Editorial: Two South Valley leaders enhanced our local education
Published in the February 1 – 14, 2017 issue of Morgan Hill Life
The South Valley honored in January two outstanding leaders we recently lost. Both transformed our region’s education system and worked hard to help students make the most of their lives by growing as leaders themselves.
Ellen “Elena” Oberg Moreno died Nov. 26 at age 95, and a memorial service was held for her on a rainy Jan. 7 afternoon, her birthday, at the Morgan Hill Community and Cultural Center. George Chiala died Jan. 2 at age 74. A Catholic mass at St. Catherine’s Church and a memorial reception at his Fountain Oaks estate home was held for him the following week.
After graduating from Live Oak Union High School in 1939, Elena worked in the cafe inside the Skeels Hotel in downtown Morgan Hill. She waited tables to help pay for her advanced education at Hartnell Community College and at San Jose State University where she earned her undergraduate degree and certification as a teacher. She spent 27 years instructing elementary and middle school students in the Morgan Hill Unified School District. Her creative, artistic and musical approach delighted three generations. Many remember her as one of their favorite teachers.
Elena loved inspiring kids to achieve success in life. This was especially so for Mexican-American students of farm-working families. She was engaged in early experiments in bilingual and bi-cultural education in the South Valley. Many students came into her classroom barely speaking English, but she gave them the confidence and resources they needed to progress in their academic endeavors.
Elena also served as a moral foundation for her family, raising with her husband, John Moreno, three children who grew up to be successful adults. Their lifelong marriage was a love story. John served as Morgan Hill police chief for many years as well as the city manager in later years.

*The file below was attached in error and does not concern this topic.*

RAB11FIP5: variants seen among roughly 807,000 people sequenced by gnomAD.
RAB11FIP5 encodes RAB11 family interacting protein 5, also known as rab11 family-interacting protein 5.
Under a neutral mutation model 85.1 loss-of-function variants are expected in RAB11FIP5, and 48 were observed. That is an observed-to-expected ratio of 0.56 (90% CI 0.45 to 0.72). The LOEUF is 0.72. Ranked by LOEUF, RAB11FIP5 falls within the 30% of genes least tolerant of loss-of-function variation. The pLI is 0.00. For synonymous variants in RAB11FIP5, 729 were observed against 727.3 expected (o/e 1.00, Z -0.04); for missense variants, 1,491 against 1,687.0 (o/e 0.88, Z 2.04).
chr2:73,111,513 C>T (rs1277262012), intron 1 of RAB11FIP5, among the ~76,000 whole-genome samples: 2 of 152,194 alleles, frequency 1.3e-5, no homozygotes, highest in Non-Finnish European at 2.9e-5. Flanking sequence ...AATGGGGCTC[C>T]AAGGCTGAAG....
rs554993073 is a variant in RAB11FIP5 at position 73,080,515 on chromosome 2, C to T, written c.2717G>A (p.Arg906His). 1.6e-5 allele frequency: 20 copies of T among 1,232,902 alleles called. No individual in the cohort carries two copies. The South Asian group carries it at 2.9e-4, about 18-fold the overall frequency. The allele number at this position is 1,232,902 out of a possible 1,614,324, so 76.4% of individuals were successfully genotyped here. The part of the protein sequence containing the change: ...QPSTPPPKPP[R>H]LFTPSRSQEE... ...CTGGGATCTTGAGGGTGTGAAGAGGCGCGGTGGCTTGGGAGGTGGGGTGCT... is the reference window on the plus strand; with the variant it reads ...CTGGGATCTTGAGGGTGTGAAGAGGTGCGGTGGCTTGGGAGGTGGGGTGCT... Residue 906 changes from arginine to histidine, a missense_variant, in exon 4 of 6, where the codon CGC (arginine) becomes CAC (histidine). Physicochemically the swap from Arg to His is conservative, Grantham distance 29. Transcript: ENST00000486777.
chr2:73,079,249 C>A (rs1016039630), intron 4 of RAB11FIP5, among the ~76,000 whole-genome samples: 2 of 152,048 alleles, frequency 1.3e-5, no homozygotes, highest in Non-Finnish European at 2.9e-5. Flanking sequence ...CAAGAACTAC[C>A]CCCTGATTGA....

George Chiala also was a local leader devoted to the education of young people. He and his wife, Alice Chiala, worked hard to build a successful South Valley-based farm business. George’s ingenuity brought state-of-the-art technology and advanced business practices to the local agriculture enterprises he was involved in. He was progressive in his farming work as a steward of the land in implementing environmentally-friendly and energy-efficient systems that enabled his operations to save money and fuel.
Running a farm business demands long hours in the fields and other areas of operations. Despite the arduous work, Chiala also generously gave much of his time and energy to the South Valley community. He supported local health care through his longtime support of St. Louise Regional Hospital, serving on the board as the chair of the hospital’s foundation. He worked for the benefit of numerous other charities in South Valley. He helped promote youth sports with the creation of the soccer fields on Condit Road that evolved into the Morgan Hill Outdoor Sports Center.
Like Moreno, enhancing local education opportunities for young people was a passion for Chiala. He worked diligently in spearheading the proposed St. John XXIII College Preparatory High School. The project is planned for construction on 38 acres owned by the Diocese of San Jose on the corner of Tennant and Murphy avenues. The Santa Clara Local Agency Formation Commission in June 2016 rejected requests to annex the farmland into city limits, putting up a barrier to Chiala’s dream. The organizers continue to persevere with the project, and with the courageous never-quit spirit of Chiala guiding them, perhaps they can break through the bureaucratic obstacles and eventually build the high school. It will benefit young people from not just Morgan Hill but also Gilroy, San Martin and other nearby communities.
Education transforms the world. When a child is inspired in the classroom to expand their mind to explore new ideas and develop an interest in new subjects of knowledge, who knows where that learning might lead a young boy or girl in life?
The leaders of the South Valley region for future decades will find their way in building their character and values through success in academic endeavors. With local leaders such as Elena Moreno and George Chiala building a solid bedrock for their education success, we know that there are now children in classrooms in Morgan Hill and Gilroy who will gain knowledge and skills to guide our region in the 21st century.